The Blood Shrike saw her entire family slaughtered save her sister, who is now the emperor’s wife and hostage. Now Livia is the only thing she has left, and Helene will do anything to protect her. This is the same paradigm found in Hunger Games, Final Fantasy XIII, and Frozen among others, and it’s something even someone without siblings can relate to. Circumstances put Helene on the opposite side to Laia and Elias, and such situations make the reader wonder and fear how things could ever be easily resolved (spoiler alert: they can’t). This is made even worse by Helene’s inability to see things beyond her own point of view. Not only does this deficiency cause her grief with Elias, it is a far greater disaster when it comes to her dealings with the Commandant Keris Veturias.
While what Keris suffered in her youth in no way makes up for the atrocities she commits, like all people with past traumas, it offers an explanation. Even though Helene and Keris share the identity of being women in what’s considered a “man’s” place, the Blood Shrike was not warped like Keris was, so she can’t fathom how the Commandant behaves. Keris doesn’t care about how many people die so long as she can undermine Helene’s authority and hold onto power, because loss of power is the only thing she fears. It’s obvious Helene doesn’t understand this because when Keris’ history is related to her, she insists it doesn’t matter, but of course it does. It’s the foundation of everything the Commandant is doing. It’s not a matter of what Keris is willing to do; it’s the matter of what she has the ability to enact. There is no bottom. People like Keris don’t care how many others they hurt/kill, so long as they get what they want (something that’s necessary for us to remember in our own world). You cannot look at their actions through the lens of your own rules, because they don’t have the same moral compass, and if Helene doesn’t start thinking about that, she’s going to lose more than her sister.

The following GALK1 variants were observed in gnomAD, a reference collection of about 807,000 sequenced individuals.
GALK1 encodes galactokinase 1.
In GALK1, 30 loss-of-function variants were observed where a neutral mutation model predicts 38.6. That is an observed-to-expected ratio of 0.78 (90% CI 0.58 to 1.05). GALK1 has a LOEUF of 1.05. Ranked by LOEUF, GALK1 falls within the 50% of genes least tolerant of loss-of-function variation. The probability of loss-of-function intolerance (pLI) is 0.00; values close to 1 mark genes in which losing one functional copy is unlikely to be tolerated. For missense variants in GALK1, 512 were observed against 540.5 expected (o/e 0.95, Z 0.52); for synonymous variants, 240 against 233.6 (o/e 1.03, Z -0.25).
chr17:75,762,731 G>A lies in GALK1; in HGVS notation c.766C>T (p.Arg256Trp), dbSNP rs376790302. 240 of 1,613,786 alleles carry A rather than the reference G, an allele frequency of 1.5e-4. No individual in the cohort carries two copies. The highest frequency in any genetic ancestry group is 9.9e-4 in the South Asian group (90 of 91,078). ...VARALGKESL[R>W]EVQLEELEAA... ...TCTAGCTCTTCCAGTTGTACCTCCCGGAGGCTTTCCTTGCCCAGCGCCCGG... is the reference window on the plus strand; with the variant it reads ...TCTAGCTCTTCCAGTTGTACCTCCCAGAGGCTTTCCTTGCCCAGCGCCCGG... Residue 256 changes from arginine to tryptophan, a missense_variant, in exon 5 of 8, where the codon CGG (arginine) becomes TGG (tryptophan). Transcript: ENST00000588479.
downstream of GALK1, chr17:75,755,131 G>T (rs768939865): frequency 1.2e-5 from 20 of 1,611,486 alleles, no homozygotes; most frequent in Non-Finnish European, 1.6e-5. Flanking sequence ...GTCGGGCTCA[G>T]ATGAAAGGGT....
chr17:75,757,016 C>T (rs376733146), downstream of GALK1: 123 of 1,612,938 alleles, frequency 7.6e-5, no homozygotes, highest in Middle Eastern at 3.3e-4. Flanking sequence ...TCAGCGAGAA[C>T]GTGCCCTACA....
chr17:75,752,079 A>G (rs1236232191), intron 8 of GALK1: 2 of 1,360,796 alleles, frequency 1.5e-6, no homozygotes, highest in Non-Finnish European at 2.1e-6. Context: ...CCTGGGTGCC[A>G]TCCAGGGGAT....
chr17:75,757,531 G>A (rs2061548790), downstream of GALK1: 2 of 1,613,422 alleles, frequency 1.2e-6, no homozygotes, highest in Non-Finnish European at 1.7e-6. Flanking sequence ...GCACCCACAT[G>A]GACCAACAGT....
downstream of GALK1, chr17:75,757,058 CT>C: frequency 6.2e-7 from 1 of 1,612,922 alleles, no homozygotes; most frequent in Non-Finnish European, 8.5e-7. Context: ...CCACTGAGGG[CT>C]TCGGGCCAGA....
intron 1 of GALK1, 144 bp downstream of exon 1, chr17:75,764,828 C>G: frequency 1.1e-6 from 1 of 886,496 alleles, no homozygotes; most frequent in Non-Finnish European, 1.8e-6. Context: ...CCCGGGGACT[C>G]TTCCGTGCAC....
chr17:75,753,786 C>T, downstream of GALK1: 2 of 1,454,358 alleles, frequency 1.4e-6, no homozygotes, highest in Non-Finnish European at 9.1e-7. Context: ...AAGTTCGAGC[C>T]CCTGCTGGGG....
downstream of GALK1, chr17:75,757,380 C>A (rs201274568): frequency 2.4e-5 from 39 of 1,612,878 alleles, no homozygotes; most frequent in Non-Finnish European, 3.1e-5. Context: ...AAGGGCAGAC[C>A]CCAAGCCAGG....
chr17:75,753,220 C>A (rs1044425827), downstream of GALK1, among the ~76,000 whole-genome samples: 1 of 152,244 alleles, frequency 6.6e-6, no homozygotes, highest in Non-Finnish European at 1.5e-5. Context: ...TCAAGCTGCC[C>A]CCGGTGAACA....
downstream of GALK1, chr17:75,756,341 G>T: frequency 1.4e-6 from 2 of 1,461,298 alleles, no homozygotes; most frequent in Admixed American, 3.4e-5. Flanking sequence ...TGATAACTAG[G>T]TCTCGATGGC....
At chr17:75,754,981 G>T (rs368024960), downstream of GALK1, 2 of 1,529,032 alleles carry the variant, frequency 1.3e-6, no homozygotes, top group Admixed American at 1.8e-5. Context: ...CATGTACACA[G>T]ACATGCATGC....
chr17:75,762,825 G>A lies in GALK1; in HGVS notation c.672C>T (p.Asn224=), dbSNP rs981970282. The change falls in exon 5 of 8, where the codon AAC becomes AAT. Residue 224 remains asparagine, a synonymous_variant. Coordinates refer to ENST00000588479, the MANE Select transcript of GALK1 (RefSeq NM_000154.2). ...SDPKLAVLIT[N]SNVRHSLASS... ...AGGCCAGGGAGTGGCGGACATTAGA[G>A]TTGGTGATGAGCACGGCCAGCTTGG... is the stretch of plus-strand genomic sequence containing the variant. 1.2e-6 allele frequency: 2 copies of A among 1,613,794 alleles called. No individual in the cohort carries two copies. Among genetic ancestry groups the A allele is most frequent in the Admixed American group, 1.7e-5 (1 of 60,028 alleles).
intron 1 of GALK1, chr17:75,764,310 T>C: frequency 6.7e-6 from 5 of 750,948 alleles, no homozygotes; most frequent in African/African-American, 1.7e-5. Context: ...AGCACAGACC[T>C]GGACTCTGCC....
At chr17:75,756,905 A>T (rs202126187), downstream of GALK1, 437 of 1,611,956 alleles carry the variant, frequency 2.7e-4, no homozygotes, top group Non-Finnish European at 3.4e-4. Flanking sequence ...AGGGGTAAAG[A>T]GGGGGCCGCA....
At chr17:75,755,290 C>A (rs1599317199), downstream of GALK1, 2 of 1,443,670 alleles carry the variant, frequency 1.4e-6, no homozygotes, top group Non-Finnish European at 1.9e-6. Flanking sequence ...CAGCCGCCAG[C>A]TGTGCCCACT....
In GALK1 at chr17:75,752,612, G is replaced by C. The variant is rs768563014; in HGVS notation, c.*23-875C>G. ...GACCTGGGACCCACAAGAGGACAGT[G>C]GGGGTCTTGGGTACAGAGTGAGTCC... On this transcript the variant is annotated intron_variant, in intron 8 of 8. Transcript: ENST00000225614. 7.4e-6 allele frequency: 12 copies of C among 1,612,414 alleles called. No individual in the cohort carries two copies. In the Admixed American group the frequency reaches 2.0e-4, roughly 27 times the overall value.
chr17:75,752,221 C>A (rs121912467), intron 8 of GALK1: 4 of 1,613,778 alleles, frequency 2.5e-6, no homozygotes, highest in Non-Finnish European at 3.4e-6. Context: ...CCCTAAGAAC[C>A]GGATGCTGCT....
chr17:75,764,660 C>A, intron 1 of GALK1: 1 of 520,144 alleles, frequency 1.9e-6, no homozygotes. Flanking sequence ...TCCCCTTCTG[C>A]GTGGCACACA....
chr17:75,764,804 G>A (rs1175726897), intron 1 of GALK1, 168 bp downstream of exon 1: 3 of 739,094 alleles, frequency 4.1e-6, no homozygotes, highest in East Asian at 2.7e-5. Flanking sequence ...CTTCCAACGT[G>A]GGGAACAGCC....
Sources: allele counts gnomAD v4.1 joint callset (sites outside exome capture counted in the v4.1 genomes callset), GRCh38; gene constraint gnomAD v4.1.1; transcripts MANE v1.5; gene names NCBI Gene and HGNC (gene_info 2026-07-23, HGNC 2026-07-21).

Helene and Elias were once best friends now bitter enemies due to circumstances beyond their control, and the worst kind of powerlessness in not when harm will come to yourself, but to someone you love. That’s what Helene is dealing with. Livia is an abused empress being used by the despotic Marcus to control Helene, and that very aspect makes it frighteningly accurate to current events. An unfit leader is terrifying especially when he’s being enabled by those around them. Truthfully, an unfit leader only persists when he is being enabled by those around him. Were this not so, such a person would long be removed. The Scholar refugees and Laia’s question of “Why is it always us?” also has a hollow ring to it.